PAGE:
Every bottle felt like a reminder of my inadequacy and failure as a mother.
To say that I was shattered by not being able to exclusively breastfeed is an understatement. I left the hospital feeling like Mother Nature and hours later I felt like a worthless piece of junk. It felt like I was grieving for a death – the death of a relationship with the most precious person in the world. I felt deeply ashamed of feeding Leo formula, and bewildered by all the extra jobs: sterilising bottles, counting out scoops of formula, having a warm bottle ready for him as soon as he needed it – all at a time of the greatest sleep deprivation.
Chronic low supply is chronically depressing! Every time I expressed I was faced with it, every time he chugged down a bottle of formula I was faced with it. Eventually I had to stop pumping after his breastfeed in the middle of the night because I couldn’t sleep afterwards.
In those early days breastfeeding feels like mothering itself, and many of you would agree. Part of me agrees… I loved our time we had breastfeeding. BUT, when you have something like this happen, you’ve got to find another way of thinking or else you’ll go mad. It’s the first question you’re asked by GPs and other health professionals: “Are you breastfeeding?”. So if you ‘fail’ at breastfeeding it feels like you’ve failed full stop. Making new mothers feel like failures is so unhelpful.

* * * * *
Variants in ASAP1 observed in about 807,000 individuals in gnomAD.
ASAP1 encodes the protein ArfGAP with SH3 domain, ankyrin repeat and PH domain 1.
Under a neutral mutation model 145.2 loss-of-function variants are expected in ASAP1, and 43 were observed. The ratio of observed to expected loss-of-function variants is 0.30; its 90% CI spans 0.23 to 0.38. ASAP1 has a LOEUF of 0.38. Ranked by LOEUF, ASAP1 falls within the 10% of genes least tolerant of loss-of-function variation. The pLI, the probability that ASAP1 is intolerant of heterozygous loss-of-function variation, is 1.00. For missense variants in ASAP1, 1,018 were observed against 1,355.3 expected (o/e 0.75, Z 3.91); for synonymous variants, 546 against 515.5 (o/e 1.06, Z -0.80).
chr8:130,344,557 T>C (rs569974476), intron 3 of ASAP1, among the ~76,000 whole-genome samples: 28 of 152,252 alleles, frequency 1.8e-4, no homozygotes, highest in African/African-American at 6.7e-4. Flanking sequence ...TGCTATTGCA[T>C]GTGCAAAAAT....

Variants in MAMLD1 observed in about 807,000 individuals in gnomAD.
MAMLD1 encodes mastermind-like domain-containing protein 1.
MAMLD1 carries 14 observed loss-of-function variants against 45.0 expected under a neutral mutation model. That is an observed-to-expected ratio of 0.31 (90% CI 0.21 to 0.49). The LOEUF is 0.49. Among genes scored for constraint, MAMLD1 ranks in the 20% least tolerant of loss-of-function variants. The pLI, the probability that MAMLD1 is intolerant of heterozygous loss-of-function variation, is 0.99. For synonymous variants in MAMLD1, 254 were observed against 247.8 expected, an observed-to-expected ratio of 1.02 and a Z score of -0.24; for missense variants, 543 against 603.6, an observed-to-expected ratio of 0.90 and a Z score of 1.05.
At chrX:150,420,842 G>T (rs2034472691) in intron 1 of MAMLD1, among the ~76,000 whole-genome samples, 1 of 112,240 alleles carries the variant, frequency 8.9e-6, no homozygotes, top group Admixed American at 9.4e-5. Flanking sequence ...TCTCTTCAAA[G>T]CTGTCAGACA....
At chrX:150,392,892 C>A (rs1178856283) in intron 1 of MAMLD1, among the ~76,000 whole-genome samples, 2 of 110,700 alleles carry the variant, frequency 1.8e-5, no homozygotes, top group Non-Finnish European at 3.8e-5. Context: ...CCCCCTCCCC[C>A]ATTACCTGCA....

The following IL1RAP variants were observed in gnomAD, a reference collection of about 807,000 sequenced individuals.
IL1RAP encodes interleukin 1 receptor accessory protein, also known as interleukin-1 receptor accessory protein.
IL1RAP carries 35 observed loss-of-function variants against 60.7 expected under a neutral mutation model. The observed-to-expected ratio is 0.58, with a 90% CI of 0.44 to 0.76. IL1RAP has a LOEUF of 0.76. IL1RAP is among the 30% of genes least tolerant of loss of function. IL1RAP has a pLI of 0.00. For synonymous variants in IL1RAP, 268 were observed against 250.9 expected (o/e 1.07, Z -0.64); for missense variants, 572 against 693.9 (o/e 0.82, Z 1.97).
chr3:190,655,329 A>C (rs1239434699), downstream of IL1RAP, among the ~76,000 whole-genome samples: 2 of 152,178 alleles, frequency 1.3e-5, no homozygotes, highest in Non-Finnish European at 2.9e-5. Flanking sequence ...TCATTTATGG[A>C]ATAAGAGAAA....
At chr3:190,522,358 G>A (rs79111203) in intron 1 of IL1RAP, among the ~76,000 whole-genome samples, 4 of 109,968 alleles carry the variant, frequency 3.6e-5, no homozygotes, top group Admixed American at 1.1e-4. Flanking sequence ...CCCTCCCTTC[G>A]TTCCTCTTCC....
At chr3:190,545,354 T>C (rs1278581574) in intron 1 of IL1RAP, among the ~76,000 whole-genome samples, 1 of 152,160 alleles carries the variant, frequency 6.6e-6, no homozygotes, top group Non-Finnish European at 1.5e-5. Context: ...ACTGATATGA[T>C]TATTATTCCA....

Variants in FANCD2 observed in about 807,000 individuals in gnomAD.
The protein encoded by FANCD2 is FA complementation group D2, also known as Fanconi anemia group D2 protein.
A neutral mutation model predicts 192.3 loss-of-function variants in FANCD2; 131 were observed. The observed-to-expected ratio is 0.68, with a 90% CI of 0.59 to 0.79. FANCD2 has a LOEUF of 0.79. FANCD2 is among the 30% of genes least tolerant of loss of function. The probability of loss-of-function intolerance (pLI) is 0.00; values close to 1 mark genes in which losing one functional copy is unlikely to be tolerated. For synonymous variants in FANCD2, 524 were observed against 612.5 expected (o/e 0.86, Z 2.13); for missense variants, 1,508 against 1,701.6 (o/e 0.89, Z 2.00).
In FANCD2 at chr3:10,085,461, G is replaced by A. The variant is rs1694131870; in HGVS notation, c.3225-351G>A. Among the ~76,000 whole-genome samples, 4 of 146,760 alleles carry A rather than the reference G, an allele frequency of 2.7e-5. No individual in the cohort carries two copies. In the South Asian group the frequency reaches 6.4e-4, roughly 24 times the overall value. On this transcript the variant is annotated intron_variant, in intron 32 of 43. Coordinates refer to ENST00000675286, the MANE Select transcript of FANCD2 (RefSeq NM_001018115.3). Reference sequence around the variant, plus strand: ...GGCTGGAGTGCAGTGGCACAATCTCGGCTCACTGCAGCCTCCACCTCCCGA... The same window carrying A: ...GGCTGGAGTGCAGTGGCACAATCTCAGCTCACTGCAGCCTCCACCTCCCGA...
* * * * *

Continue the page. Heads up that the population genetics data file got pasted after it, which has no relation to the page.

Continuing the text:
If you’re having a tough time in those early months, even things said with the sweetest of intentions can induce parental guilt. In some ways a new mother is as fragile and vulnerable as their tiny baby.
Let’s celebrate the things people have said that were actually helpful! They will be different for everyone but I bet there are some that are helpful for lots of new parents.
One of the cards we got when Leo was born really stuck in my mind. As well as congratulating us and saying how gorgeous Leo was, it read:
I hope you’re enjoying parenthood and there are more ups than downs.
That one sentence, amidst all the cards saying how excited they were for us and how we should enjoy this precious time, meant SO MUCH to me.
It was the kindest little reality check. No judgement was implied – just a simple wish for happiness and an acknowledgement that early parenthood can be hard yards along with all the joys.